New districts not only have shuffled North Carolina’s congressional primaries but created a rare opportunity for candidates to win with just a fraction of the vote.
Not surprisingly, some districts have drawn a crowd. Twenty-two candidates are running in the new 13th District, which runs from Mooresville to Greensboro. Seventeen are in the Republican primary alone.
If upheld by federal judges, the June 7 primaries will set up a 10-week sprint for candidates across the state.
The new districts came about when those same judges ruled the 1st and 12th Districts were unconstitutional racial gerrymanders. Lawmakers responded by redrawing virtually all of the state’s 13 districts.
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The new map left some members of Congress far from their districts.
Republican U.S. Rep. George Holding of Raleigh, who represents the 13th District, found himself in the 4th District – and is now challenging incumbent GOP U.S. Rep. Renee Ellmers in the 2nd. Democratic U.S. Rep. Alma Adams of Greensboro plans to move to Charlotte after her 12th District was moved to Mecklenburg County.
At the same time, the General Assembly made it possible for lawmakers who won their primary on March 15 to run in the congressional primary – and keep their legislative seat if they lose.
“It’s clear from the new map that legislators prioritized the interests of their own members over North Carolina’s members of Congress,” said David Wasserman, an analyst with the Washington-based Cook Political Report.
The legislature added one more twist. For this year only, there are no runoff elections. That means no candidate has to get at least 40 percent of the vote to win. Combine that with an open seat like the 13th, it’s not surprising to find a crowded field.
“These opportunities are rare,” said Michael Bitzer, a political scientist at Salisbury’s Catawba College. “Incumbency is a powerful reelection factor. And when that factor isn’t there everybody’s going to take the gamble and try to see if they can become a member of the U.S. House of Representatives.”
Here’s a look at Charlotte-area races.
Republican U.S. Rep. Richard Hudson of Concord lost some counties and gained others in his redrawn district. He also gained a primary foe who has run in the 8th and other districts.
Tim D’Annunzio of Hoke County first ran in the 8th in 2010. Two years later, he ran in the 4th District and in December filed for the 2nd District. His 2010 campaign was known for fundraisers he called “machine-gun socials” and for his being disavowed by state party officials.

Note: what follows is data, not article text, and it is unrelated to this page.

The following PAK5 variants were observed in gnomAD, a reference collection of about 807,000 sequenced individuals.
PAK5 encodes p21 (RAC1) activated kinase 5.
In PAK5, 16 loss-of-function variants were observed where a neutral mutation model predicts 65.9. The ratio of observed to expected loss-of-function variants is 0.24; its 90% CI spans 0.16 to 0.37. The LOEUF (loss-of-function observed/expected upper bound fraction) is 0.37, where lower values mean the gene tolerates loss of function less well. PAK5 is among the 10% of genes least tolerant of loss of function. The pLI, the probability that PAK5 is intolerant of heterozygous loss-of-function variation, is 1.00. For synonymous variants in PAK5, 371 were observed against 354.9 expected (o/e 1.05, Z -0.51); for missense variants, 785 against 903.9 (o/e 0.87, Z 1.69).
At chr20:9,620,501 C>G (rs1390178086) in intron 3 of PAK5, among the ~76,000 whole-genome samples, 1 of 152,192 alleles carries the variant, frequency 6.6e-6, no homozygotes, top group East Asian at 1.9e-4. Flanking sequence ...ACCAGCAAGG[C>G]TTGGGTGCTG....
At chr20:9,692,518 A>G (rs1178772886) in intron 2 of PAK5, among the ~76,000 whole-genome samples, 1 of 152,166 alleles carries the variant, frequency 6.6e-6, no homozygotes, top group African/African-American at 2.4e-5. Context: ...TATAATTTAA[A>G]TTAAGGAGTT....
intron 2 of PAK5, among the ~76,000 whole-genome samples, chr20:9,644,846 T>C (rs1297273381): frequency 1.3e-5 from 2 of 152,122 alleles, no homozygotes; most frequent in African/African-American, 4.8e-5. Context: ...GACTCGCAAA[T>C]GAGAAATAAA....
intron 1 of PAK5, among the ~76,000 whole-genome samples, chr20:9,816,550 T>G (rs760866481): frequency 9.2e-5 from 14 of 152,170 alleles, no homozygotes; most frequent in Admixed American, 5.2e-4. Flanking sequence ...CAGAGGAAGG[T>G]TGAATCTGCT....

Democratic consultant Thomas Mills of Carrboro is the only Democrat on the ballot in the district where Democrats still outnumber Republicans.
Republican U.S. Rep. Robert Pittenger of Charlotte finds himself in a district that now stretches 150 miles east to Bladen County.
Two Republicans are challenging the second-term lawmaker.
Charlotte pastor Mark Harris, who ran unsuccessfully for U.S. Senate in 2014, formally announced his candidacy Monday, pledging to fight for the “vital principles of limited government, liberty, faith, and family.” Supporting him is former Rep. Sue Myrick, who also endorsed a previous Pittenger opponent.
Former Union County Commissioner Todd Johnson rounds out the GOP primary. The winner takes on Democratic newcomer Christian Cano.
Three Republicans – Albert Wylie, Jeffrey Baker and Jeff Gregory – are challenging incumbent GOP Rep. Patrick McHenry. Wylie is from Carteret County along the N.C. coast.
The winner faces Democrat Andy Millard of Tryon.
Three state lawmakers and a former lawmaker are among the seven Democrats challenging Alma Adams in the newly configured district.
The 12th, which ran from Charlotte to Greensboro, now is contained within Mecklenburg County.
Rep. Tricia Cotham of Matthews and Reps. Carla Cunningham and Rodney Moore as well as former Sen. Malcolm Graham, all of Charlotte, are trying to unseat the first-term congresswoman. They’re joined by Gardenia Henley of Winston-Salem and Rick Miller of Guilford County.
Republicans Leon Threatt, Ryan Duffie and Paul Wright also are running in the predominantly Democratic district. Wright of Wayne County lost this month’s U.S. Senate primary.
The state’s most crowded race is just north of Mecklenburg in a district that includes Iredell, Davie and Davidson counties and parts of Rowan and Guilford counties.
The 22-candidate race includes four GOP lawmakers and four former statewide candidates, including two who lost primaries in other races this month.
With so many candidates, the primary winners won’t need a huge plurality.
“If you get your family out, that’s a good step at building a base,” Bitzer said.
Democrats running are Adam Coker, Bob Isner, Bruce Davis, Kevin Griffin and Mazie Ferguson.
Republicans are state Sen. Andrew Brock, Chad Gant, Dan Barrett, David Thompson, Farren Shoaf, George Rouco, Hank Henning, state Rep. Harry Warren, Jason Walser, Jim Snyder, state Rep. John Blust, state Rep. Julia Howard, Kathy Feather, Matthew McCall, Kay Daly, Ted Budd and Vernon Robinson.